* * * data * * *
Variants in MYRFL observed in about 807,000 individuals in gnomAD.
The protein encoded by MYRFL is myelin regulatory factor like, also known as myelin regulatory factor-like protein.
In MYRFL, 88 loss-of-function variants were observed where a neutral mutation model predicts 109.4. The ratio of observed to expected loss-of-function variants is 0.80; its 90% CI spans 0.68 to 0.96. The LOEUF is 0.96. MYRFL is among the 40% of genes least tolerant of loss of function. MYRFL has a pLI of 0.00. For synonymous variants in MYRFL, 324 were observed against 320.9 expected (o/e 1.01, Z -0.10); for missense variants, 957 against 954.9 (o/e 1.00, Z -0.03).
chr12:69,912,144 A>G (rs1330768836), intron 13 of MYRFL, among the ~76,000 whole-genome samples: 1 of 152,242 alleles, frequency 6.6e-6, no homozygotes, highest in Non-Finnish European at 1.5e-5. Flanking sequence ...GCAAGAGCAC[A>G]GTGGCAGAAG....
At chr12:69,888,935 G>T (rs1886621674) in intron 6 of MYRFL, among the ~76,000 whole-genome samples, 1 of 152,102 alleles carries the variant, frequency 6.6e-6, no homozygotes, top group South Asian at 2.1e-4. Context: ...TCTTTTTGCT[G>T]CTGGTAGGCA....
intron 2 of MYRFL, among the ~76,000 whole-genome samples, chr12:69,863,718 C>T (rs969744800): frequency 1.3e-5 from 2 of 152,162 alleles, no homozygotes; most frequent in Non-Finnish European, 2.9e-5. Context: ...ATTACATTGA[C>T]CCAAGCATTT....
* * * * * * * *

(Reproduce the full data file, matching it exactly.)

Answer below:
Variants in MYRFL observed in about 807,000 individuals in gnomAD.
The protein encoded by MYRFL is myelin regulatory factor like, also known as myelin regulatory factor-like protein.
In MYRFL, 88 loss-of-function variants were observed where a neutral mutation model predicts 109.4. The ratio of observed to expected loss-of-function variants is 0.80; its 90% CI spans 0.68 to 0.96. The LOEUF is 0.96. MYRFL is among the 40% of genes least tolerant of loss of function. MYRFL has a pLI of 0.00. For synonymous variants in MYRFL, 324 were observed against 320.9 expected (o/e 1.01, Z -0.10); for missense variants, 957 against 954.9 (o/e 1.00, Z -0.03).
chr12:69,912,144 A>G (rs1330768836), intron 13 of MYRFL, among the ~76,000 whole-genome samples: 1 of 152,242 alleles, frequency 6.6e-6, no homozygotes, highest in Non-Finnish European at 1.5e-5. Flanking sequence ...GCAAGAGCAC[A>G]GTGGCAGAAG....
At chr12:69,888,935 G>T (rs1886621674) in intron 6 of MYRFL, among the ~76,000 whole-genome samples, 1 of 152,102 alleles carries the variant, frequency 6.6e-6, no homozygotes, top group South Asian at 2.1e-4. Context: ...TCTTTTTGCT[G>T]CTGGTAGGCA....
intron 2 of MYRFL, among the ~76,000 whole-genome samples, chr12:69,863,718 C>T (rs969744800): frequency 1.3e-5 from 2 of 152,162 alleles, no homozygotes; most frequent in Non-Finnish European, 2.9e-5. Context: ...ATTACATTGA[C>T]CCAAGCATTT....